PARAMOUNT PICTURES (2017)

 

Director: George Clooney

 

Starring: Matt Damon, Julianne Moore, Noah Jupe, Oscar Isaac

Come to Suburbicon! It’s perfect!

 

No, it really isn’t.

 

Dreamy George Clooney steps behind the camera to bring an unused Coen Brothers script to life in Suburbicon, set in the 1950’s and attempts to tackle the heavy racial subjects of the time whilst also intertwining a thriller aspect to proceedings. An insurance scam, to be precise.

 

Double Indemnity, this ain’t.

Suburbicon, a perfect, idyllic…and all-white neighbourhood gets shaken to its core when, shock horror, an African-American family (the Mayers) take up residence there. Well, the townsfolk turn to the local housing authorities for help against these intruders, eventually having fences put up around the house so they don’t have to deal with the sight of the Mayers. The local’s anger turns to hate as daily remonstrations turn to nightly sieges against the innocent family. Meanwhile, across the street, the Lodge family’s home has been invaded by robbers. Gardner (Damon), his wife Rose (Moore), son Nicky (Jupe) and Rose’s identical sister (also, Moore) are tied up and drugged by the fiends, with tragedy striking later. After the incident, Gardner’s strange behaviour begins to alienate his son, pique the interest of the local police and garner suspicion from insurance salesman Bud Cooper (Isaac) on the case.

 

The two stories above are pretty much separate narratives for the entire movie, never at all intersecting, despite the movies apparent attempt at (re)highlighting the racist undertones of the 1950s (the brief friendship of Nicky and Andy (Tony Espinosa), the Mayers’ child of the same age, being the only interaction between the two ‘main’ families). It’s this particular issue that leads to the movies ultimate downfall - the messy, unstructured narrative that leaves the Mayers subplot as just that. A subplot that receives no depth, no exposition and, ultimately, no attention. It’s a pointless, terribly shoehorned in attempt at social commentary. Is the racism subplot the major allegory? Either way, it’s nothing more than utter background story. The brief scenes of racism in the ‘50s are well shot and handled, but act as simply sideshow to the main, weaker thread - the well-worn home invasion genre gets another rollout here, albeit with a slight twist.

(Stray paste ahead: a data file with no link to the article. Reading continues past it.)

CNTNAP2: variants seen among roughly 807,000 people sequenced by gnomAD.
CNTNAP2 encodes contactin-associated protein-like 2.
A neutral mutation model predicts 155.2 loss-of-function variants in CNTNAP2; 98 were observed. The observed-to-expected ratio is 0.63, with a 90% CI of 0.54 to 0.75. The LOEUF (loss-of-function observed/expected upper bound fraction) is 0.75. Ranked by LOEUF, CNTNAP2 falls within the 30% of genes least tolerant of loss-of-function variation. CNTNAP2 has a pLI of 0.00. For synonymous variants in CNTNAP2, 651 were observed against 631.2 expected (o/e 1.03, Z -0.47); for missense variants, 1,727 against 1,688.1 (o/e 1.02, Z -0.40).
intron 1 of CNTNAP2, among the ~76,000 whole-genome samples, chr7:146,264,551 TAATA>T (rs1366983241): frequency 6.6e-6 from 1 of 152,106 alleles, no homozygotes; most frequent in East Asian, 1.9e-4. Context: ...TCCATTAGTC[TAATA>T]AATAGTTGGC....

Matt Damon’s unconvincing Gardner and his arc are just…boring. It’s an unconvincing as his portrayal as the scam lurches from setback to setback, always telegraphed yet never exciting. It’s good to see Damon in a heel role, but maybe another movie would’ve made better use of him. Only Oscar Isaac’s brief cameo injects any urgency into the proceedings and that his 8 minutes (or so) screentime deliver the movies highlights says a lot about the rest of Surburbicon.

 

It’s also grimly unfunny. Whilst it’s clear which lines were written by the Coen Brothers (the sharp lines), the humour falls flat and just does nothing to elevate the movie. Suburbicon’s intro is possibly the most fun moment – a breezy, satiric advertisement urging you and your family to move to the pleasant town, but that aside there are few reasons to raise a smile here.

 

For the first half, the movie looks great. It’s hard not to enjoy the sight of the atypical American suburb of the ‘50s, there’s something about the perfect lawns, spotless exteriors and vibrant colours that capture the imagination and makes for great cinematic visuals. As the movies lurches into its insipid finale, the darkness takes over and the colour (and any joy) is bled from the picture. Its clear Clooney has an eye for a great shot/framing, it just doesn’t evolve well here.

 

It’s hard to find any real positives in Suburbicon. It’s easy to applaud Clooney for his intent and the message that he obviously wanted to get across, but it’s the manner of its execution that prevents anything getting through. Parts of it look great, Oscar Isaac is decent and there’s the odd zinger in the script but that’s about it. Around three-quarters of the way through, I had lost all interest in the movie and couldn’t wait for it to be over.

 

The PB and J sandwiches looked good, however.

November 29th 2017

© 2016 Matt Hudson / What I Watched Tonight / Essex

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